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Medicine & Science in Sports & Exercise:
doi: 10.1249/MSS.0000000000000472
Original Investigation: PDF Only

Physical Activity and Chronic Prostatitis/Chronic Pelvic Pain Syndrome.

Zhang, Ran; Chomistek, Andrea K.; Dimitrakoff, Jordan D.; Giovannucci, Edward L.; Willett, Walter C.; Rosner, Bernard A.; Wu, Kana

Published Ahead-of-Print
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Abstract

Purpose: Chronic prostatitis/chronic pelvic pain syndrome (CP/CPPS) is a prevalent urologic disorder among men, but its etiology is still poorly understood. Our objective was to examine the relationship between physical activity and incidence of CP/CPPS in a large cohort of male health professionals.

Methods: We conducted a prospective cohort study among men in the Health Professionals Follow-up Study followed from 1986 to 2008. The study population included 20,918 men who completed all CP/CPPS questions on the 2008 questionnaire. Leisure-time physical activity, including type and intensity of activity, was measured by questionnaire in 1986. A National Institute of Health Chronic Prostatitis Symptom Index pain score was calculated based on the responses on the 2008 questionnaire. Participants with pain scores >= 8 were considered CP/CPPS cases (n=689).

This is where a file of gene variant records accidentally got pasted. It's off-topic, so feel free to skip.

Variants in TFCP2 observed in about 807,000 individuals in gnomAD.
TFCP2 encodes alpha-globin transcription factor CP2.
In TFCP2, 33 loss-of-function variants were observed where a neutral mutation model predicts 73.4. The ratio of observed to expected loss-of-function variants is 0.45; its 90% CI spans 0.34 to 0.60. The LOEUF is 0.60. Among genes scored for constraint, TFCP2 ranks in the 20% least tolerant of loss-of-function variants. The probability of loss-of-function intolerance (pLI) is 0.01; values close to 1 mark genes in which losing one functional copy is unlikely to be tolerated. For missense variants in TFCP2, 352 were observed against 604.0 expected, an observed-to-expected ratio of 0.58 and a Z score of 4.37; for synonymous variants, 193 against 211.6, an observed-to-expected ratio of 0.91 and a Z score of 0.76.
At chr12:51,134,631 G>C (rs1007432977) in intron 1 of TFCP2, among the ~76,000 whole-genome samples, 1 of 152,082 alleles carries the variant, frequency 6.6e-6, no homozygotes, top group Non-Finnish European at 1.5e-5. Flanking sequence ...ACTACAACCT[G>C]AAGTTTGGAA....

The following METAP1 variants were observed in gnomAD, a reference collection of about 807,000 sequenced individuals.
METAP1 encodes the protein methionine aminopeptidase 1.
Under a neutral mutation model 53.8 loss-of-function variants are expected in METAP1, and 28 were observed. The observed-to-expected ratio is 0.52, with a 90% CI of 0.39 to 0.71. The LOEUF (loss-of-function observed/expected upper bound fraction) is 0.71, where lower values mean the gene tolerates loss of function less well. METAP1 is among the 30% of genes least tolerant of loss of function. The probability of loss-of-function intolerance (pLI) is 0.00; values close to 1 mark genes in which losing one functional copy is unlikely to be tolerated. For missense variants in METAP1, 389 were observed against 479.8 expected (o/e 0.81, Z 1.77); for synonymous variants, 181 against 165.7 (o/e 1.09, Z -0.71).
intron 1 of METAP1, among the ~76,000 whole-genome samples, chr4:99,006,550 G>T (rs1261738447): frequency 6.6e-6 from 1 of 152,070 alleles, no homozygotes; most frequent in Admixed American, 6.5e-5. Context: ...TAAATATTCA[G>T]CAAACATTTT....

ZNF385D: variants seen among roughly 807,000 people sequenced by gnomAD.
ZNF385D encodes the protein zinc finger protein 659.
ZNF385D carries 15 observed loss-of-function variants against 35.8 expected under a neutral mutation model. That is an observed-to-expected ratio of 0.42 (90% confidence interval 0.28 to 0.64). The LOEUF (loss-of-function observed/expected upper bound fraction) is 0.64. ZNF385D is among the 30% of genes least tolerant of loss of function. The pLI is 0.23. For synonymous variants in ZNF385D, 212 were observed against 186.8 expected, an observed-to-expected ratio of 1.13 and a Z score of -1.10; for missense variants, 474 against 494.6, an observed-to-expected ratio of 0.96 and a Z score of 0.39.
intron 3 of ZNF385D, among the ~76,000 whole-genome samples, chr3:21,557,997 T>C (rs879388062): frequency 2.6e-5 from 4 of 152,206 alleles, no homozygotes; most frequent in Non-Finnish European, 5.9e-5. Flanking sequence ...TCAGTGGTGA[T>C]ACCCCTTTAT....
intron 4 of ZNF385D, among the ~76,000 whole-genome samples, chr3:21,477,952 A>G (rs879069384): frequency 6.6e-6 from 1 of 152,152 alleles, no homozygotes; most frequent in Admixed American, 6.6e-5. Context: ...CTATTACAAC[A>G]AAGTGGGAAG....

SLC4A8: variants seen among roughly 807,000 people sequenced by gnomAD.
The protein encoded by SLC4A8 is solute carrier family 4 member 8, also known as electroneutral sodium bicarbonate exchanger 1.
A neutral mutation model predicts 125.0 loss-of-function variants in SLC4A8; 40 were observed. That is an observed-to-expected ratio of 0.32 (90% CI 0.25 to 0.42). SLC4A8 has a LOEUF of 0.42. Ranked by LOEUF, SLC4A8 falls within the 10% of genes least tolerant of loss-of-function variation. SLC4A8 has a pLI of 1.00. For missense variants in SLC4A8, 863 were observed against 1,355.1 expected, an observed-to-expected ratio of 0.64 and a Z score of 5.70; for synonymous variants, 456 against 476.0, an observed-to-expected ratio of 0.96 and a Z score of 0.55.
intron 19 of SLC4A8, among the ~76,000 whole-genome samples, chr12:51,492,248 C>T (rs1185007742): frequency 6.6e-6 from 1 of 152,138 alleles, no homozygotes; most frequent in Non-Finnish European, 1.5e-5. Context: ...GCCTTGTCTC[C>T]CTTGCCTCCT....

Results: Higher leisure-time physical activity was associated with lower risk of CP/CPPS. The multivariable-adjusted odds ratio (OR) comparing >35.0 to <=3.5 MET-h/wk of physical activity was 0.72 (95% confidence interval (CI): 0.56, 0.92, p for trend <0.001). Observed inverse associations between physical activity and CP/CPPS were similar for both moderate- and vigorous-intensity activities. Sedentary behavior, measured as time spent watching television, was not associated with risk of CP/CPPS (p for trend 0.64).

Conclusions: Findings from this study, the first large scale and most comprehensive study to date on this association, suggest that higher levels of leisure-time physical activity may lower risk of CP/CPPS in middle-aged and older men.

(C) 2014 American College of Sports Medicine

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